This is the third part of a three-part interview with Shane Sooter, the founder of City on a Hill Productions. The complete interview, which took place in late 2014, is available in Today’s Vital Church, Volume 1.
Bolinger: I thought of a couple of other things, too, Shane, while you were talking.
Sooter: Yeah, hit me with them.
Bolinger: You mentioned testimonies. I think that’s a really good one. It’s tough to be put on the spot, especially at a baptism ceremony, when you’re about to get baptized. Some people are afraid of the water! They have to give their testimony in front of hundreds of people, and all they’re thinking about is that they’re going to get dunked backwards in water in just a couple of seconds. That’s a lot of pressure. It’s more pressure than public speaking in general. And they’re supposed to move people with their testimony. If you can film that in advance, like you said, and edit it for time, and leave out the areas where they stumbled, that’s a great, achievable use of video.
Here’s another one that I saw at our church. You mentioned music videos being easy to do because you don’t have to incorporate the audio portion; you just play a track, just play music. We had a video done where some of the youth of the church held up hand-painted signs on cardboard. On one side, it was something they had been struggling with, and the other side showed what happened when they let Jesus take control: “Now I’m at peace.” “Now I have reconciliation.” “Now I have forgiveness.” It was very, very powerful, and it was very easy to do.
Like you said, it’s all about creativity. When we get creative, we will have ideas that we can do even if we’re novices with filming and editing a video. It will be impactful. And the next time we do something, maybe we can do something a little more challenging or elaborate than what we tried in that first very moving video that we did.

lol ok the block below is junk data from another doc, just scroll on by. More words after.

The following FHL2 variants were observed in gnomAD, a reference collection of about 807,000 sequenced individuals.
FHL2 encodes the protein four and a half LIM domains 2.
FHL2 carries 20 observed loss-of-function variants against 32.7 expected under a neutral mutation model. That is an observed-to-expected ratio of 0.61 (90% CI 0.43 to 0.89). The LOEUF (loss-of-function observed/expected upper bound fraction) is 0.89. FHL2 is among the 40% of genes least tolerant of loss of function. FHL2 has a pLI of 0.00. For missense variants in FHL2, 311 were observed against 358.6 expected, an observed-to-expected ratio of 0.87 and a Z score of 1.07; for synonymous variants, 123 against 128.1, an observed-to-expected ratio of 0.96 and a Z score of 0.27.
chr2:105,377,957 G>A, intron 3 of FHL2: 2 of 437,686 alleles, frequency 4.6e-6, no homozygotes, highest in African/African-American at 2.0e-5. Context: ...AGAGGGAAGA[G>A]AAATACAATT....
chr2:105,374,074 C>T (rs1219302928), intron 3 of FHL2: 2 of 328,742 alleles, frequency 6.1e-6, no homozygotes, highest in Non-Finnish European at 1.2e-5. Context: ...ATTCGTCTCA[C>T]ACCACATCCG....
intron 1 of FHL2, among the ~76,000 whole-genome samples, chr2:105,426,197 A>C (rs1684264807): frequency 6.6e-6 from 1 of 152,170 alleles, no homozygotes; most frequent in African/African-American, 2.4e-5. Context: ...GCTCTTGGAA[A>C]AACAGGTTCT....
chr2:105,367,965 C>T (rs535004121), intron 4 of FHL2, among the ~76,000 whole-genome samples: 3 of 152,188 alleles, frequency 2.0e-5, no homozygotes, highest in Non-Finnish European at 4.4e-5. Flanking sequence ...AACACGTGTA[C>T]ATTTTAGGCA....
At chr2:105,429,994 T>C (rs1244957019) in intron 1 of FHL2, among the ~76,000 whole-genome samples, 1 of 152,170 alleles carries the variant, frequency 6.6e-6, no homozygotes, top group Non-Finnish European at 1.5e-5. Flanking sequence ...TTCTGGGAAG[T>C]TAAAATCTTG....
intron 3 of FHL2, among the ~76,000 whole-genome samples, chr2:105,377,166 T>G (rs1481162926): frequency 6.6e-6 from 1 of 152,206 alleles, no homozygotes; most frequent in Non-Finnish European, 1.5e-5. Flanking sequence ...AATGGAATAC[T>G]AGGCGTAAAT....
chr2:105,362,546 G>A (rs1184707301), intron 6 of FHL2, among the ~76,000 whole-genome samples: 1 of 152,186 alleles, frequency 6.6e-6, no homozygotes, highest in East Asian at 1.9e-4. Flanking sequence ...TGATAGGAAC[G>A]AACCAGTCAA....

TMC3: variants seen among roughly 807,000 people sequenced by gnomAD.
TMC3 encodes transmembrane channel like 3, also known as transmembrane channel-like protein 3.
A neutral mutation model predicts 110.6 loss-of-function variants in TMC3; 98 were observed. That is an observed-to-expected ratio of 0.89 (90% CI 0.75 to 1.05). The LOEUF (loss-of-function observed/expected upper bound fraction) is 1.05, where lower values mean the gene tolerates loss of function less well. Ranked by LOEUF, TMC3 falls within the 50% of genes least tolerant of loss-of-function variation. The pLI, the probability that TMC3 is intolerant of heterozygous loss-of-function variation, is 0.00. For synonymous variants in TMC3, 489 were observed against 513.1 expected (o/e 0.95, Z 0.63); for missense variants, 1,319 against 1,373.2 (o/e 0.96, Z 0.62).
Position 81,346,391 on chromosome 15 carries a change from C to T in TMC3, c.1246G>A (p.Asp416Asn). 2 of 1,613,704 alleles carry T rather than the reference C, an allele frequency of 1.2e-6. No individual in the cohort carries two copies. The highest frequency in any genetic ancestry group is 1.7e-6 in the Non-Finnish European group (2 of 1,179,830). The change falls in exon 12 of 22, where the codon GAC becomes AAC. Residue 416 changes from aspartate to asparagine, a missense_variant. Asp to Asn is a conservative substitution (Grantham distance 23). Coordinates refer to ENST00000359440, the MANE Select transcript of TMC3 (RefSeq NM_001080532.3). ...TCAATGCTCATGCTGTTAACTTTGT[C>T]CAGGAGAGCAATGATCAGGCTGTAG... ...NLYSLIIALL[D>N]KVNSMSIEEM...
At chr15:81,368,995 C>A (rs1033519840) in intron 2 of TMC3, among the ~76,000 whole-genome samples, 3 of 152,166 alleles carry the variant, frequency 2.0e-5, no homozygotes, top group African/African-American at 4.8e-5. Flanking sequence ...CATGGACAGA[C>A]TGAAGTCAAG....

Having a Creative Arts Director at a Small Church
Sooter: The point really is just the sheer creativity. It’s the giftedness to be able to do that sort of thing.
My first church was a really small town Baptist church and I just remember there was the pastor and there was the church secretary, and that was the church [staff]. There are a lot of churches like that. There was this kind of growing awareness that you needed to have somebody whose focus is youth, and there was the rise of the youth minister as a position in churches.
Worship at this church was led by a member of the congregation who got up and told people what page to turn to in the hymnal, and sort of waved his arms while a volunteer played the piano. And there was this growing understanding, this kind of movement in the church, that the worship minister is a position. It’s not really something that you can just fill with stand-ins. It’s a question of giftedness and, when you bring somebody with giftedness into that role, it transforms the life of the church.
I think that we are well into an age where people understand that there is another role in the church. It is called by many different names – the church media director, the producer, the creative arts director – but there’s a recognition that the ability to look at the message of the service and to be able to bring all manner of the arts to bear on the communication of that issue is a specific gifting. I understand that all churches are not going to be able to go out and hire a creative arts director, but I just want to put that on people’s radar.